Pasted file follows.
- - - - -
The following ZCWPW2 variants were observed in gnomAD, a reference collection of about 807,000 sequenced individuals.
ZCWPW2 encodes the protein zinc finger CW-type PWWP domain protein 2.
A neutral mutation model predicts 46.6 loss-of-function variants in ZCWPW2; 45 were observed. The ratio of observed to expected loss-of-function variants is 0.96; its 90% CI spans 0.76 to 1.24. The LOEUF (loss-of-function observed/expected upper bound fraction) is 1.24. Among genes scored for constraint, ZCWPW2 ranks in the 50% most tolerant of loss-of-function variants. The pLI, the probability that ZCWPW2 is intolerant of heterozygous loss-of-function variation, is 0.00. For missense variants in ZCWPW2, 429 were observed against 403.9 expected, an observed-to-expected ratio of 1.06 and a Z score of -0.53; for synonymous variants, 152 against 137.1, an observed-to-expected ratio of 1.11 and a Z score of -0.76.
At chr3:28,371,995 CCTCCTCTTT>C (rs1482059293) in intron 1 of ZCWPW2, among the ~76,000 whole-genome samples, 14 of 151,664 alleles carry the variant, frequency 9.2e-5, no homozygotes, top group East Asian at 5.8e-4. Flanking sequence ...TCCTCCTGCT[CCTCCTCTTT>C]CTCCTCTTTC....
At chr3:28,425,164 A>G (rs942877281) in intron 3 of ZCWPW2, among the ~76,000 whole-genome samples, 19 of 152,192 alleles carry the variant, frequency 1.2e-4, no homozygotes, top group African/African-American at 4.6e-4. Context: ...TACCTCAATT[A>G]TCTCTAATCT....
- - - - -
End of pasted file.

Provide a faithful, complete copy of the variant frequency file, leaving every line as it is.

The following ZCWPW2 variants were observed in gnomAD, a reference collection of about 807,000 sequenced individuals.
ZCWPW2 encodes the protein zinc finger CW-type PWWP domain protein 2.
A neutral mutation model predicts 46.6 loss-of-function variants in ZCWPW2; 45 were observed. The ratio of observed to expected loss-of-function variants is 0.96; its 90% CI spans 0.76 to 1.24. The LOEUF (loss-of-function observed/expected upper bound fraction) is 1.24. Among genes scored for constraint, ZCWPW2 ranks in the 50% most tolerant of loss-of-function variants. The pLI, the probability that ZCWPW2 is intolerant of heterozygous loss-of-function variation, is 0.00. For missense variants in ZCWPW2, 429 were observed against 403.9 expected, an observed-to-expected ratio of 1.06 and a Z score of -0.53; for synonymous variants, 152 against 137.1, an observed-to-expected ratio of 1.11 and a Z score of -0.76.
At chr3:28,371,995 CCTCCTCTTT>C (rs1482059293) in intron 1 of ZCWPW2, among the ~76,000 whole-genome samples, 14 of 151,664 alleles carry the variant, frequency 9.2e-5, no homozygotes, top group East Asian at 5.8e-4. Flanking sequence ...TCCTCCTGCT[CCTCCTCTTT>C]CTCCTCTTTC....
At chr3:28,425,164 A>G (rs942877281) in intron 3 of ZCWPW2, among the ~76,000 whole-genome samples, 19 of 152,192 alleles carry the variant, frequency 1.2e-4, no homozygotes, top group African/African-American at 4.6e-4. Context: ...TACCTCAATT[A>G]TCTCTAATCT....